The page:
On Thursday, we all crossed through the tiny town of West Hartford, which has a bridge over a wide river. When Dumptruck and I arrived, it was in time to see Grim launch himself off of the bridge (with underpants on this time) and fall 30 feet into the rushing green river below. The rest of M3OWZ3BA! was on the rocks on the side of the river, also wet from their jumping, and cheering Grim on.

I dropped off my bag, went back to the bridge, and waited my turn as some local adolescent boys surrendered themselves to the dizzying drop and freezing water. I held the railing, curling my fingers over the metal rungs, and watched the river rush by far below. I knew I had one shot at jumping as soon as I climbed over the railing; if I waited for more than a moment, my evolutionarily cautious brain would take over keep me from going for it. 

The time had come, it was my turn. 

"I'm going to scream the whole way down," I called to my cohorts "It's completely involuntary. It just happens."

And before I could stop myself, I clambered over the railing, pushed off from the concrete and spun out into the open air. I twisted as I jumped, so I corkscrewed downward through the 30 feet. My eyes were shut and I was screaming one high, strong, continous vibrato of uncontrollable outward energy. I'm sure the sound was like a tornado siren, a Doppler effect of joy and fear as I whipped around in the air. I spun one full revolution, expecting to hit the water, but I kept falling, my stomach pulling up into my ribs and my voice still on scream-mode. I made it another full revolution before the force of hitting the water slammed my mouth shut, finally putting an end to all that racket.

I surfaced a moment later, breathless and joyful, swimming against the current to reach my family at the shore. 

Sometimes we have to jump.

Clever Girl

Grim went out of his way to get a strawberry rhubarb pie for Dumptruck and I, and protected it from the hungry eyes of other hikers. He is a hero, and the pie was as if from heaven.

Catch catching a dragon fly!

Catch catching caterpillar!

Dumptruck following directions

The Hunger, Hugs, Grim, Whistle, Pretzel and Cascade (Dumptruck in the center). Where's Catch? Oh, he's swimming to the other side of the lake and back again.

Hugs, Grim and Whistle

Look at all that hair!

Whistle tried to pick one flower, and accidentally uprooted an entire plant. Leave No Trace!

What's she doing? Ah, I see, shaving her legs in the river.

BillyBall in the backpack.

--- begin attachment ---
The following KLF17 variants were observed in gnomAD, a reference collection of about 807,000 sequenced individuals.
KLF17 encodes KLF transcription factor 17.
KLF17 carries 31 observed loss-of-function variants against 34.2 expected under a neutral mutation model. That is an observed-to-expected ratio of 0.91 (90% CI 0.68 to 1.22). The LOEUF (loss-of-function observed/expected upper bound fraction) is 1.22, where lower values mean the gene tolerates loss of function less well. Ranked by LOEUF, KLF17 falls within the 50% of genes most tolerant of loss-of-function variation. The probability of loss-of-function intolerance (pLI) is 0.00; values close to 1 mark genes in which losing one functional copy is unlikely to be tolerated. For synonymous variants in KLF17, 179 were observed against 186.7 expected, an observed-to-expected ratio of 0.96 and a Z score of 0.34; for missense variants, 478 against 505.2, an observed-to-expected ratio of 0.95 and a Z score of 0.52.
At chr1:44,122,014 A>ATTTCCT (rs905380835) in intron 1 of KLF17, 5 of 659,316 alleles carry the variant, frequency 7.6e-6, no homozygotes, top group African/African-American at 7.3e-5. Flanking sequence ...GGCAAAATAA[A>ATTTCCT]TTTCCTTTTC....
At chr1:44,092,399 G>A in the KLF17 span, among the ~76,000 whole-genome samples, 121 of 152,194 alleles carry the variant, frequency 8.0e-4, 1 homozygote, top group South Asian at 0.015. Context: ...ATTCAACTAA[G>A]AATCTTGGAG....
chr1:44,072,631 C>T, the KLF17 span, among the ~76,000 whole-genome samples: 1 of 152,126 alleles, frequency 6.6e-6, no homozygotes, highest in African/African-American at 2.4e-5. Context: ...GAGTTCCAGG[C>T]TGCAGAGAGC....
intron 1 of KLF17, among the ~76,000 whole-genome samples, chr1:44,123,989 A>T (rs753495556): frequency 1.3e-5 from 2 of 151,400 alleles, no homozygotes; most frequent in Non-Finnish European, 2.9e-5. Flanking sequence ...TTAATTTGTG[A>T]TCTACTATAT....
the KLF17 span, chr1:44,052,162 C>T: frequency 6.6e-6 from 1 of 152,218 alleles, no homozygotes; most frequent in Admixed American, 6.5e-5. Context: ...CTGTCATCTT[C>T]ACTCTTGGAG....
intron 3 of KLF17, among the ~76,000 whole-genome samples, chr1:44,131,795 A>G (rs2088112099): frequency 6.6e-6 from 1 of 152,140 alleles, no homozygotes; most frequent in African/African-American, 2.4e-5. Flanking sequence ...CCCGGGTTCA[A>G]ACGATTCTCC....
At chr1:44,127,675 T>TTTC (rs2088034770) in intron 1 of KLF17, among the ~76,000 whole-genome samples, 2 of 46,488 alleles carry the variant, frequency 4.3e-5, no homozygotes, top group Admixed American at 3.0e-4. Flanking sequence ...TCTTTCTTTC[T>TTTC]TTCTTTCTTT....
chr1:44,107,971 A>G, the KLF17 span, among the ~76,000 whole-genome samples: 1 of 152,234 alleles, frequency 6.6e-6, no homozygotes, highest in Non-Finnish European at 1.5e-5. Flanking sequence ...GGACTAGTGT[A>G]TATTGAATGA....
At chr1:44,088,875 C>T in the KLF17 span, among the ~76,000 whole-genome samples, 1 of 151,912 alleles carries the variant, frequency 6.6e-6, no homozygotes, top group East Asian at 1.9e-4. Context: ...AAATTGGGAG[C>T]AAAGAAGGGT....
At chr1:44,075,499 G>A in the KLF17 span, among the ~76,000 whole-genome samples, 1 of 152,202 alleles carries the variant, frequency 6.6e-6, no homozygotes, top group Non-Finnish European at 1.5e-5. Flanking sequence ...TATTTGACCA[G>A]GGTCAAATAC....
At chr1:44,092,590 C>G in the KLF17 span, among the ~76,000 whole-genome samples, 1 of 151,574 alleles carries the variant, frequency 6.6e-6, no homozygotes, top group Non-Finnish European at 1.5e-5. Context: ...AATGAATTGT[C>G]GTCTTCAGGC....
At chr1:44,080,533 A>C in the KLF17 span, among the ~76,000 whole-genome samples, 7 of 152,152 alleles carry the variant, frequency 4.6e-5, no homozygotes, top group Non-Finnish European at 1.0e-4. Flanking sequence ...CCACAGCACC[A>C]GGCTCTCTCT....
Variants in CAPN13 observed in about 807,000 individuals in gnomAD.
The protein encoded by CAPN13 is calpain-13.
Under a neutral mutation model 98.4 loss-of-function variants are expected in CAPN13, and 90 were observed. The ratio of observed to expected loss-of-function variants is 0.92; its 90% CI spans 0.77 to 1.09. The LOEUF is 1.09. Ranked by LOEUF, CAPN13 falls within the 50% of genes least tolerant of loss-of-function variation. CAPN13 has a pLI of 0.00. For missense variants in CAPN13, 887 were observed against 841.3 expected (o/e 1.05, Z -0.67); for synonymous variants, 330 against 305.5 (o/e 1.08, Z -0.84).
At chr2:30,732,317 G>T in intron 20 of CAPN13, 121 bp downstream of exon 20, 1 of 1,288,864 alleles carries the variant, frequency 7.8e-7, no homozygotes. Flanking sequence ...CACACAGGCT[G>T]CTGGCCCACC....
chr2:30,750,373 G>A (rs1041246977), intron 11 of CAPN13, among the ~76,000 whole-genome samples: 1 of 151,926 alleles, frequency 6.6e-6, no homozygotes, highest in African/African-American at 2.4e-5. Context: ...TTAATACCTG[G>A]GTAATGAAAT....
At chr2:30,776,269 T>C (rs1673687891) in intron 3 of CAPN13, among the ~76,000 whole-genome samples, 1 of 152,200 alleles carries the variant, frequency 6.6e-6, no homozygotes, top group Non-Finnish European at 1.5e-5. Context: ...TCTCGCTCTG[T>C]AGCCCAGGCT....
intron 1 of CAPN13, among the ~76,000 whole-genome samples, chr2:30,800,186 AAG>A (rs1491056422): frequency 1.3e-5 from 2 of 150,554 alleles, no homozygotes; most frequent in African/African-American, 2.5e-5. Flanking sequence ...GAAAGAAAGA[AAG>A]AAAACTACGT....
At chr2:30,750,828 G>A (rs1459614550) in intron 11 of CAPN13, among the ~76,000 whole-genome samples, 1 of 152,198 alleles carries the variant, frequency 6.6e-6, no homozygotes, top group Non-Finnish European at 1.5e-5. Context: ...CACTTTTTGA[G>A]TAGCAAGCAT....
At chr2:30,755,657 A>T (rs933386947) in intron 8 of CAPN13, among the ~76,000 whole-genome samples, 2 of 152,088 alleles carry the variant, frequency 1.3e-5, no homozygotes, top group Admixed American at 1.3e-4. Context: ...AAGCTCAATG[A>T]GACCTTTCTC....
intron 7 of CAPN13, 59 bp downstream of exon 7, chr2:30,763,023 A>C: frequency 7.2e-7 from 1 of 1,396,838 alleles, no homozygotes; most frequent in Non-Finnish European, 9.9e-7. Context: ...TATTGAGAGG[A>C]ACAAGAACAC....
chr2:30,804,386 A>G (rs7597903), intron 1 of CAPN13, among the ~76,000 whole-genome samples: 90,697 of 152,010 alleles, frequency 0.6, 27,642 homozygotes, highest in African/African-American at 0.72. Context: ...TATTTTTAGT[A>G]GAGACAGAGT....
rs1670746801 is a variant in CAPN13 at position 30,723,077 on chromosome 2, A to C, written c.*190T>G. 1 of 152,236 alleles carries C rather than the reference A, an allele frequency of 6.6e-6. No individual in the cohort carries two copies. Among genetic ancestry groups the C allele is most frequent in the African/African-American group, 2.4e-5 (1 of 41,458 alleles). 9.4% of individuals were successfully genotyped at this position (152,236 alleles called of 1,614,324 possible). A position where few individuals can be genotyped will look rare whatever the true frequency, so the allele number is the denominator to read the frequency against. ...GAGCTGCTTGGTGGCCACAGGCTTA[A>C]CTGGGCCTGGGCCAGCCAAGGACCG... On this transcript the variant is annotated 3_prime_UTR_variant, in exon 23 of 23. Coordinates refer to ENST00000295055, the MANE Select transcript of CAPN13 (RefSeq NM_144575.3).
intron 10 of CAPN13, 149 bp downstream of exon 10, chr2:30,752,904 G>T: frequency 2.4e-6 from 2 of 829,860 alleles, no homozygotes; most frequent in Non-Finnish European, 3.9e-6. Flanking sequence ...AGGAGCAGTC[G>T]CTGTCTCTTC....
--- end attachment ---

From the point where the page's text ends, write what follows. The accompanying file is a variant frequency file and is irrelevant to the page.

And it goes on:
"Funky Town, we have your elders. Meet our demands or the ball gets it!


  1. So. Much. Fun. Adulthood is going to be tuff on you, that's a wondrous thing. Great PicS! (wink).

    1. We may get older, but I'm not entirely sure that we'll ever stop being children in some way. At least in the fact that we'll jump off a bridge when our friends are doing it!

  2. Hooray! New Hampshire! Love the dodge ball, and the thought of carrying it to Maine. It'd be awesome to kick it all the way there, but it would go over the 1st cliff and bonk some homeless box turtle (lizard?). Great pics and stories as usual. Over the moon! I hear Freddy Mercury in M3OWZ3BA...see what you can make out of this (besides a hat or a little boat):
    "(Oh, mama mia, mama mia) Mama mia, let me go.
    M3OWZ3BA has a devil put aside for me, for me, for me."

    Love and kisses, Mom and Dad

    1. I told this little tidbit regarding Freddy Mercury to the band, and they all highly approve!

  3. Such an awesome time. So glad you are close to home. The White Mountains next. Fantastic!! Mother Trucker and I just saw your count of days on the trail. As we speak 155. Wow! we said together. Amazing! John I am diggin'the Freddy Mercury!! Lots of love to you and all.
    P.S. mom has adopted two wild cats. She is in her glory. They don't actually live in the house :-) yet.

    1. 155 days! So crazy! I can't wait to meet those wild cats.

  4. Your stories remind me of why I am hiking next year! Hope there's a job for you at The New Yorker when this little adventure is over. Please say hi to Hugs. I did a little trail magic for her back in Virginia. Sisu

    1. Thanks Sisu! You're so kind to say so. I will say hi to Hugs! She's pretty spectacular.